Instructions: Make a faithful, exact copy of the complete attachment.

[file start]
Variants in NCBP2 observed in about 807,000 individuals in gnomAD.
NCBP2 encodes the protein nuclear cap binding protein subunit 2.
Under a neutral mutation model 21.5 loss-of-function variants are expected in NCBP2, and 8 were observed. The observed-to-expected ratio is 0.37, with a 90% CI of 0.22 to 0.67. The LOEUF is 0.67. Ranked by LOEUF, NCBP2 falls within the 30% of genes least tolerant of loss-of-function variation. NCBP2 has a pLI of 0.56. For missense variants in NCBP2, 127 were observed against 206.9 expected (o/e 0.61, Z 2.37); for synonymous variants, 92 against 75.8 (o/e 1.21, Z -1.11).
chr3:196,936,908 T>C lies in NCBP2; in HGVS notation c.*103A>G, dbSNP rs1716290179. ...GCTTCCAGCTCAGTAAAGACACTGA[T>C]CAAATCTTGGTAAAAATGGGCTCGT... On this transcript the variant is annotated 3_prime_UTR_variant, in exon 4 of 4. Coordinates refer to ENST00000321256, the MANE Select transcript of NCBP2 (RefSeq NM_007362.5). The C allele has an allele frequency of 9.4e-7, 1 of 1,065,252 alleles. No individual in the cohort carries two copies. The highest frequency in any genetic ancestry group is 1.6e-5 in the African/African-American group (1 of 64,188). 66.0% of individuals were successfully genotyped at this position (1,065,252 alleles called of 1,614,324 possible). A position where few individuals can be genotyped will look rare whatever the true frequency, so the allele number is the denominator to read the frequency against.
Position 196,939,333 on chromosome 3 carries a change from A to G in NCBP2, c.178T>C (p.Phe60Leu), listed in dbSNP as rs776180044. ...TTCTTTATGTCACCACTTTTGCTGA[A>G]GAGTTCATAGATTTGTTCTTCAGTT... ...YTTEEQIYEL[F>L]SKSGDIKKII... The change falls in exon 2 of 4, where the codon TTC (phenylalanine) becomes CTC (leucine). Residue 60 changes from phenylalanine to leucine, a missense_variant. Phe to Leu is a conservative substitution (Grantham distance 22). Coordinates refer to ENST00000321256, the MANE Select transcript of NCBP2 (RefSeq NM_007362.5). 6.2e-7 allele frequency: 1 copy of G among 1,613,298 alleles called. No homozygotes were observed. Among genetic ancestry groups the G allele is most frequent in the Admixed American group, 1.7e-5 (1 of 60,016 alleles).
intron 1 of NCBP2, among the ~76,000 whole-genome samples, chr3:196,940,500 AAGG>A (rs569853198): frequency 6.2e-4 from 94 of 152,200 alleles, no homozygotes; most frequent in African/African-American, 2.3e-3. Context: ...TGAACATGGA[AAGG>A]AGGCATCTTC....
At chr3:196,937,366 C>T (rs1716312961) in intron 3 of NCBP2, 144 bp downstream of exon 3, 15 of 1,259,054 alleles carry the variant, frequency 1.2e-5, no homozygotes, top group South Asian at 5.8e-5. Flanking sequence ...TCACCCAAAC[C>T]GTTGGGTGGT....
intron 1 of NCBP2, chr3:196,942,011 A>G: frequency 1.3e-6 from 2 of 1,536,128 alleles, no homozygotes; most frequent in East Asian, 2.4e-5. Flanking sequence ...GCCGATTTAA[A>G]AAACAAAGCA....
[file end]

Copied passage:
Variants in NCBP2 observed in about 807,000 individuals in gnomAD.
NCBP2 encodes the protein nuclear cap binding protein subunit 2.
Under a neutral mutation model 21.5 loss-of-function variants are expected in NCBP2, and 8 were observed. The observed-to-expected ratio is 0.37, with a 90% CI of 0.22 to 0.67. The LOEUF is 0.67. Ranked by LOEUF, NCBP2 falls within the 30% of genes least tolerant of loss-of-function variation. NCBP2 has a pLI of 0.56. For missense variants in NCBP2, 127 were observed against 206.9 expected (o/e 0.61, Z 2.37); for synonymous variants, 92 against 75.8 (o/e 1.21, Z -1.11).
chr3:196,936,908 T>C lies in NCBP2; in HGVS notation c.*103A>G, dbSNP rs1716290179. ...GCTTCCAGCTCAGTAAAGACACTGA[T>C]CAAATCTTGGTAAAAATGGGCTCGT... On this transcript the variant is annotated 3_prime_UTR_variant, in exon 4 of 4. Coordinates refer to ENST00000321256, the MANE Select transcript of NCBP2 (RefSeq NM_007362.5). The C allele has an allele frequency of 9.4e-7, 1 of 1,065,252 alleles. No individual in the cohort carries two copies. The highest frequency in any genetic ancestry group is 1.6e-5 in the African/African-American group (1 of 64,188). 66.0% of individuals were successfully genotyped at this position (1,065,252 alleles called of 1,614,324 possible). A position where few individuals can be genotyped will look rare whatever the true frequency, so the allele number is the denominator to read the frequency against.
Position 196,939,333 on chromosome 3 carries a change from A to G in NCBP2, c.178T>C (p.Phe60Leu), listed in dbSNP as rs776180044. ...TTCTTTATGTCACCACTTTTGCTGA[A>G]GAGTTCATAGATTTGTTCTTCAGTT... ...YTTEEQIYEL[F>L]SKSGDIKKII... The change falls in exon 2 of 4, where the codon TTC (phenylalanine) becomes CTC (leucine). Residue 60 changes from phenylalanine to leucine, a missense_variant. Phe to Leu is a conservative substitution (Grantham distance 22). Coordinates refer to ENST00000321256, the MANE Select transcript of NCBP2 (RefSeq NM_007362.5). 6.2e-7 allele frequency: 1 copy of G among 1,613,298 alleles called. No homozygotes were observed. Among genetic ancestry groups the G allele is most frequent in the Admixed American group, 1.7e-5 (1 of 60,016 alleles).
intron 1 of NCBP2, among the ~76,000 whole-genome samples, chr3:196,940,500 AAGG>A (rs569853198): frequency 6.2e-4 from 94 of 152,200 alleles, no homozygotes; most frequent in African/African-American, 2.3e-3. Context: ...TGAACATGGA[AAGG>A]AGGCATCTTC....
At chr3:196,937,366 C>T (rs1716312961) in intron 3 of NCBP2, 144 bp downstream of exon 3, 15 of 1,259,054 alleles carry the variant, frequency 1.2e-5, no homozygotes, top group South Asian at 5.8e-5. Flanking sequence ...TCACCCAAAC[C>T]GTTGGGTGGT....
intron 1 of NCBP2, chr3:196,942,011 A>G: frequency 1.3e-6 from 2 of 1,536,128 alleles, no homozygotes; most frequent in East Asian, 2.4e-5. Flanking sequence ...GCCGATTTAA[A>G]AAACAAAGCA....